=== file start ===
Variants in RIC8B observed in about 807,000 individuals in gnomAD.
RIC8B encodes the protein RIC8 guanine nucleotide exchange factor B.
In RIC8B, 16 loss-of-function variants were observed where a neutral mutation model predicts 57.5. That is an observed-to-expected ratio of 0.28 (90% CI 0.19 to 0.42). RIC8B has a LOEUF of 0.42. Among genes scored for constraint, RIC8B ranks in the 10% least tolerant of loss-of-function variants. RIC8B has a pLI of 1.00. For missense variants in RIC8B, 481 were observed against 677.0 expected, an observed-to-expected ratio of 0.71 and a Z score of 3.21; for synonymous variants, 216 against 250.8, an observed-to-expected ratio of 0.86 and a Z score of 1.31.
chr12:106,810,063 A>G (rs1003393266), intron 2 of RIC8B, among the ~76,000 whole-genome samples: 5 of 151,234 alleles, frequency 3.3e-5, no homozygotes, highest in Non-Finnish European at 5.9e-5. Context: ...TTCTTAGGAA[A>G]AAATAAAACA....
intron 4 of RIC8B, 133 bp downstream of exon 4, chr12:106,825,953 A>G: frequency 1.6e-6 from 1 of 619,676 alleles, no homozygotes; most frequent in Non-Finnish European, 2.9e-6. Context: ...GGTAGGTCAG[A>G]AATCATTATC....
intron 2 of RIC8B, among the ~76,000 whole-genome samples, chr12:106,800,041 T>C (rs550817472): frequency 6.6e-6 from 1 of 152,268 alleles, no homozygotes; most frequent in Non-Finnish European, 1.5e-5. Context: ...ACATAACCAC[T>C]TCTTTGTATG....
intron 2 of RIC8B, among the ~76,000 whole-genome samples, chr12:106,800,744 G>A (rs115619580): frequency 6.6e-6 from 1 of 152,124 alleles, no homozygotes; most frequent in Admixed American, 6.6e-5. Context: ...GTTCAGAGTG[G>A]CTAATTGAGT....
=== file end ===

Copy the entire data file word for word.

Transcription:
Variants in RIC8B observed in about 807,000 individuals in gnomAD.
RIC8B encodes the protein RIC8 guanine nucleotide exchange factor B.
In RIC8B, 16 loss-of-function variants were observed where a neutral mutation model predicts 57.5. That is an observed-to-expected ratio of 0.28 (90% CI 0.19 to 0.42). RIC8B has a LOEUF of 0.42. Among genes scored for constraint, RIC8B ranks in the 10% least tolerant of loss-of-function variants. RIC8B has a pLI of 1.00. For missense variants in RIC8B, 481 were observed against 677.0 expected, an observed-to-expected ratio of 0.71 and a Z score of 3.21; for synonymous variants, 216 against 250.8, an observed-to-expected ratio of 0.86 and a Z score of 1.31.
chr12:106,810,063 A>G (rs1003393266), intron 2 of RIC8B, among the ~76,000 whole-genome samples: 5 of 151,234 alleles, frequency 3.3e-5, no homozygotes, highest in Non-Finnish European at 5.9e-5. Context: ...TTCTTAGGAA[A>G]AAATAAAACA....
intron 4 of RIC8B, 133 bp downstream of exon 4, chr12:106,825,953 A>G: frequency 1.6e-6 from 1 of 619,676 alleles, no homozygotes; most frequent in Non-Finnish European, 2.9e-6. Context: ...GGTAGGTCAG[A>G]AATCATTATC....
intron 2 of RIC8B, among the ~76,000 whole-genome samples, chr12:106,800,041 T>C (rs550817472): frequency 6.6e-6 from 1 of 152,268 alleles, no homozygotes; most frequent in Non-Finnish European, 1.5e-5. Context: ...ACATAACCAC[T>C]TCTTTGTATG....
intron 2 of RIC8B, among the ~76,000 whole-genome samples, chr12:106,800,744 G>A (rs115619580): frequency 6.6e-6 from 1 of 152,124 alleles, no homozygotes; most frequent in Admixed American, 6.6e-5. Context: ...GTTCAGAGTG[G>A]CTAATTGAGT....